Three toddlers drown in Limpopo swimming pool

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Three toddlers tragically drown in public pool in Limpopo

The three toddlers allegedly gained access to the local swimming pool unnoticed.

Three toddlers drown in Limpopo swimming pool

Image via Adobe Stock

Limpopo police are investigating an incident where three toddlers aged between three and four tragically drowned in a local swimming pool at Tshituni Tsha Fhasi Village in Makhado on Friday 31 January 2020 at 17:15.

According to a South African Police Service (SAPS) statement, it is alleged that the three toddlers, three-year-old Mashudu Angel Langanani, four-year-old Ramovha Vhutali, and four-year-old Shandukani Never, who lived on the same street near the pool, were playing when they wandered off and gained entrance to the premises unnoticed.

Three toddlers found floating

After they wandered off, the brother of one of the toddlers went on a search for them and made his way to the local swimming pool.

“The elder brother of one of the children got frightened when he could not see them and decided to trace them,” said Limpopo SAPS Brigadier Motlafela Mojapelo.

He then made the horrific discovery of the three children unconsciously floating in the swimming pool. He immediately alerted his mother who reacted swiftly.

The children were rushed to the local clinic. They were all unfortunately certified dead on arrival. The police have opened cases of an inquest and the investigations into the matter are continuing.

Children most at risk of drowning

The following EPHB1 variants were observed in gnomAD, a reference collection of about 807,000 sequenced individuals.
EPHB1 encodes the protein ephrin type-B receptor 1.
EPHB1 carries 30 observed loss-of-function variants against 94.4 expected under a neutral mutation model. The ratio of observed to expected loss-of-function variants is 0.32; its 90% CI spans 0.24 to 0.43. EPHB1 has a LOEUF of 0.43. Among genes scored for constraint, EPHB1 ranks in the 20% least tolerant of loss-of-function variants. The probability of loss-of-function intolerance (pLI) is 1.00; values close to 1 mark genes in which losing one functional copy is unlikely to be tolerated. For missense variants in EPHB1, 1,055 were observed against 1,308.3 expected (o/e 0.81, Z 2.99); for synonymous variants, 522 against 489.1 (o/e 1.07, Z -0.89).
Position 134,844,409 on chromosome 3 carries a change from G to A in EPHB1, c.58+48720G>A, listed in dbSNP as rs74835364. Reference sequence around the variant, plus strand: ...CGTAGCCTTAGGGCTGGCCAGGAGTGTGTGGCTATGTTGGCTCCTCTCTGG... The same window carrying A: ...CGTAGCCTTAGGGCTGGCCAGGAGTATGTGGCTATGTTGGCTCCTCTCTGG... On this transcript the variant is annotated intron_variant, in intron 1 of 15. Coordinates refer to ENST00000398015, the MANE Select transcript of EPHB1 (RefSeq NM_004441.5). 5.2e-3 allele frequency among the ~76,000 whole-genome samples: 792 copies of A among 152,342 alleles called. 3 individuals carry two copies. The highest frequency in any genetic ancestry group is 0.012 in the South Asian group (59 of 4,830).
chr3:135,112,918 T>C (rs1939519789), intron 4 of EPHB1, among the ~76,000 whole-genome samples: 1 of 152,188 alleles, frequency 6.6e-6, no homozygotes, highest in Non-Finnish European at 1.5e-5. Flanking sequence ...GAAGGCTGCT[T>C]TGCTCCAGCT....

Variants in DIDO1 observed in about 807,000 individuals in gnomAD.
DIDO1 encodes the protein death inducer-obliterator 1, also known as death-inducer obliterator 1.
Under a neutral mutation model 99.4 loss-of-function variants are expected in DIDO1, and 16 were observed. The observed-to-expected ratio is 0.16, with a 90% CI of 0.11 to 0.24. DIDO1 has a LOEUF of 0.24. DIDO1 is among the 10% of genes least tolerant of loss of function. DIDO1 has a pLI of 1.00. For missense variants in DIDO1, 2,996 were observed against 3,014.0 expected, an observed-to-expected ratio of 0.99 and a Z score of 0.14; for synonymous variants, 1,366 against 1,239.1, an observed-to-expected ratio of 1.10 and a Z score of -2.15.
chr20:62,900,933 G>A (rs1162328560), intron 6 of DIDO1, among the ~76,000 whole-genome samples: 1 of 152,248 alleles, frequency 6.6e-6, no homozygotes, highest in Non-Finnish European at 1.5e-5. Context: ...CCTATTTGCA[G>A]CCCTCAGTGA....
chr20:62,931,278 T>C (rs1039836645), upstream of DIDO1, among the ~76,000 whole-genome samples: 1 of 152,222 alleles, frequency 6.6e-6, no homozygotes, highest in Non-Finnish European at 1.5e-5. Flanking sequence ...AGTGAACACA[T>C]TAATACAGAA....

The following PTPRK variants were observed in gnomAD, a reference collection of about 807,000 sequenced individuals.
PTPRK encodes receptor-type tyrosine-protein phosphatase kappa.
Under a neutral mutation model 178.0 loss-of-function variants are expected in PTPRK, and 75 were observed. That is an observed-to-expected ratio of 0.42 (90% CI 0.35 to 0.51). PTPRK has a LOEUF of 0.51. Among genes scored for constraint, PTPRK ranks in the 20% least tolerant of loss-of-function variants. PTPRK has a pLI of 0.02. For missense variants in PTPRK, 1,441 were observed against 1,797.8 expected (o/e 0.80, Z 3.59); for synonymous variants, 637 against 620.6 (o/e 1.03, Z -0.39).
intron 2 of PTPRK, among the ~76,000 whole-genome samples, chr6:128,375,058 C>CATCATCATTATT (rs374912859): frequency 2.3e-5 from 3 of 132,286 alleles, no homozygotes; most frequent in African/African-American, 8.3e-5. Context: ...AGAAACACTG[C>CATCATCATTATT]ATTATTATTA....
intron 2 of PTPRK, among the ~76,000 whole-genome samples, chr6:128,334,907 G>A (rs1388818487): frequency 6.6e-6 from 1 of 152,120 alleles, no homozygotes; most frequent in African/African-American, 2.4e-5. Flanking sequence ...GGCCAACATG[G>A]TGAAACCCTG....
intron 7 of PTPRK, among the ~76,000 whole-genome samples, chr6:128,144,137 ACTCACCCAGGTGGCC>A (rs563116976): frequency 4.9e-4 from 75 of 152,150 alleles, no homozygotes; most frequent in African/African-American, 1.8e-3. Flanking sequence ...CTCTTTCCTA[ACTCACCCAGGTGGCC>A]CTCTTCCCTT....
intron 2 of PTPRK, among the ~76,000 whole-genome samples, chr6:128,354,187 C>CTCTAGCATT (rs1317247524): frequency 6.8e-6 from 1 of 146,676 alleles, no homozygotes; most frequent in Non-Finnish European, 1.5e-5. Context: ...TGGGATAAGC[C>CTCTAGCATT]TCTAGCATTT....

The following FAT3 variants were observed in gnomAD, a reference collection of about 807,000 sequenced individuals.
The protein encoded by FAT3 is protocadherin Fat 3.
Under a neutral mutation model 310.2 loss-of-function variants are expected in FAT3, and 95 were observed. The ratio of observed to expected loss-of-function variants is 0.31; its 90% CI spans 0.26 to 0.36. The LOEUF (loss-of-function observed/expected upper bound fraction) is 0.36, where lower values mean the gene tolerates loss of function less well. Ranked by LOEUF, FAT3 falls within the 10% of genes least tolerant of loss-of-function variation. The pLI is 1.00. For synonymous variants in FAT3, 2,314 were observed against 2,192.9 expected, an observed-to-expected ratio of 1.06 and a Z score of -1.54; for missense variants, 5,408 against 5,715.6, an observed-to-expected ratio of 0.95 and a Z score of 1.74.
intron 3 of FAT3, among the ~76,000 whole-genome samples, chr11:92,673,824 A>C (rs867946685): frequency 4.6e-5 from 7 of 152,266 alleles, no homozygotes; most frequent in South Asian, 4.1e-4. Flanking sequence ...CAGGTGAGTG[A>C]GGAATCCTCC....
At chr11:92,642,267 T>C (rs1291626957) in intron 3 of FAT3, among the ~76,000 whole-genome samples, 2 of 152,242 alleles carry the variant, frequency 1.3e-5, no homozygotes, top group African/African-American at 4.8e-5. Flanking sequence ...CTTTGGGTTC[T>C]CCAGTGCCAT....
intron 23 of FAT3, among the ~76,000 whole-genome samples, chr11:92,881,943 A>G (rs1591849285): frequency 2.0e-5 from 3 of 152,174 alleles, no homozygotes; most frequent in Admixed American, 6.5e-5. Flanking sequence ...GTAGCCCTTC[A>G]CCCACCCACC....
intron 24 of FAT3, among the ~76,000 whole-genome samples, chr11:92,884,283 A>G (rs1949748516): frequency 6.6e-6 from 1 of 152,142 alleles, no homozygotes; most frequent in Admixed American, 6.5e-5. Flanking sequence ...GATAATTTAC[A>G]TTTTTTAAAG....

Research in the United States ranked drowning as the second-leading cause of unintentional death for children, aged one to 14. Children less than a year old are most likely to drown in bathtubs, buckets, or toilets. Children aged one to four are most likely to drown in residential swimming pools. Children need to be monitored at all times no matter the size of the pool or location where they encounter water.

Anyone can have a water-related accident and be at risk of drowning — even children who know how to swim. It is not only small children who are at risk. Males are much more likely to become victims of drowning. Risk-taking, overconfidence in swimming ability and alcohol use may play a significant role in water deaths by drowning.

Safety at swimming pools 

According to Arrive Alive, these are the best tips for safety at a swimming pool as most incidents of drowning occur at our residential swimming pools. 

  • We need to supervise as actively as possible. Whenever infants or toddlers are in or around water, an adult should be within arm’s reach to provide active supervision;
  • Parents should avoid distractions when children are near water and give them their undivided attention;
  • Even strong swimmers need adult supervision. Insist on life jackets for children who can’t swim;
  • Parents should not only supervise but also advise on safety in and around the pool;
  • Running on slippery surfaces is dangerous for everyone around.  Someone could fall into the pool, accidentally push a smaller child towards water or hit the slick pool deck causing injury;
  • Stay away from drains, filters and water intakes. Loose hair or clothing can get tangled in these structures – possibly trapping a child under the water;
  • Teach children to swim. Most children can learn to swim at about age five – but know that swimming lessons won’t necessarily prevent a child from drowning;
  • Don’t leave pool toys in the water. A child may fall into the water while trying to retrieve a toy.